I assume the annual salary is already a good summary of what an employer is willing to pay you based on your area,skill and experience, and the "divide by 1000" is just a rule of thumb to translate it to your rate.
Why would I take on all this extra responsibility and risk to make exactly what I did before (or worse, just the median) when I didn't have to?
There are two reasons why I went independent: The first is because I would be able to take off huge chunks of time for side projects. The second is I would make at least twice as much as I used to (after taxes, insurance, etc.) despite taking off huge chunks of time for side projects.
Also, you cannot expect 50 weeks a year of utilization. If you're smart, you assume 35 weeks a year, and price yourself with that in mind. If you have higher utilization, you have a good year. If you don't, you have no worries.
Moreover, I'm at a client now where I gave them a "fill my rolodex rate", which I was very hesitant of doing. We're tying up after the initial term, because the reason why they couldn't afford me is they have mostly systemic organizational and fundamental business issues than they do technology issues.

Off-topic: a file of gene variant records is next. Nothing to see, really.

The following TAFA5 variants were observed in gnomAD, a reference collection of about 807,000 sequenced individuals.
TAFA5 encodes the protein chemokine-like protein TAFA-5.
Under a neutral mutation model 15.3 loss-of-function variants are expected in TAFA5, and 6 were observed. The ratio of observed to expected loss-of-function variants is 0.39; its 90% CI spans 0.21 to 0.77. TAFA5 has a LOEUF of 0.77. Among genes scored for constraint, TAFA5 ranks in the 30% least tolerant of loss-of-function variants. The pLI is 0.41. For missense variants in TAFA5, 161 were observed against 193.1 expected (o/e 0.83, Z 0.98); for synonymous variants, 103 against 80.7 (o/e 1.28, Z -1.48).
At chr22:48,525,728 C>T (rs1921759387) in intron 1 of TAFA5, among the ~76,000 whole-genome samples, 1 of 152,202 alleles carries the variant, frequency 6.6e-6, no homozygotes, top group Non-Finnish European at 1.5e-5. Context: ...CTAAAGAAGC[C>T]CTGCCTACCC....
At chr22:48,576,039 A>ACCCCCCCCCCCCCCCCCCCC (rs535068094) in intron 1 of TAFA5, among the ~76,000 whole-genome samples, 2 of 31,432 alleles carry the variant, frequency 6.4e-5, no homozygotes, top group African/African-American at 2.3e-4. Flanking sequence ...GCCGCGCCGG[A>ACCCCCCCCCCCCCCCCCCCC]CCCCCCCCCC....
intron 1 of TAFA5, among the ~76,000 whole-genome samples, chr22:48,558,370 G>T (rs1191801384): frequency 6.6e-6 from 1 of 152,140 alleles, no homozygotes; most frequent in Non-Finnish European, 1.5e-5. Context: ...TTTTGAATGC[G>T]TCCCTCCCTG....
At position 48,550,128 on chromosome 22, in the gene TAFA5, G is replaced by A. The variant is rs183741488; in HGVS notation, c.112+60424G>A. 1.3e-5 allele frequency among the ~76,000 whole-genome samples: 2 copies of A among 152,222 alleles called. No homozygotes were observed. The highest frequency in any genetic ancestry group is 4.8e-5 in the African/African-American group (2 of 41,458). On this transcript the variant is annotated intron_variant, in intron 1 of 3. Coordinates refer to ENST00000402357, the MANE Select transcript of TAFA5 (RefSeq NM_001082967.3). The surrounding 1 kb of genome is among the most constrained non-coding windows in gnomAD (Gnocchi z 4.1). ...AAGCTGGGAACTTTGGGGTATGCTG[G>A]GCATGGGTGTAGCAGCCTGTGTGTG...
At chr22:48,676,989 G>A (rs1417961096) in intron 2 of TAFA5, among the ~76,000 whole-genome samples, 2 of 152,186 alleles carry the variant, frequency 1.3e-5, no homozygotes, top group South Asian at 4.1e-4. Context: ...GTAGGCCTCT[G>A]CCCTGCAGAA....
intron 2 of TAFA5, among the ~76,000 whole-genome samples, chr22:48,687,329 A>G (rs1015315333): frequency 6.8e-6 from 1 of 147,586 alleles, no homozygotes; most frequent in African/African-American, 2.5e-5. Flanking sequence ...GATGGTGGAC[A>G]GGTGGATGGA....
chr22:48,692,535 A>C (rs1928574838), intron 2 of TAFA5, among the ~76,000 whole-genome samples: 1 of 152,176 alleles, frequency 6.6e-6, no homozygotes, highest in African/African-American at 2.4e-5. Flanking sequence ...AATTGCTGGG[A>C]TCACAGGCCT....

Diving it by 100 and taking the result as a daily rate seems a bit more reasonable (and billing by the day is a better idea anyway), but is still on the low side.
Once you factor in 50% taxes, you have to bill 200 days a year to get the same income as before.
On top of that, I plan for 40% of time spent doing billable stuff, and 60% of client search, marketing, networking, and general business handling.
Once you take all that into account, freelancing suddenly becomes less attractive.
Prospective freelancers are often warned that they won't be billing 40+ hrs a week because of ancillary non-billable tasks you have to handle, but this is vast overestimate.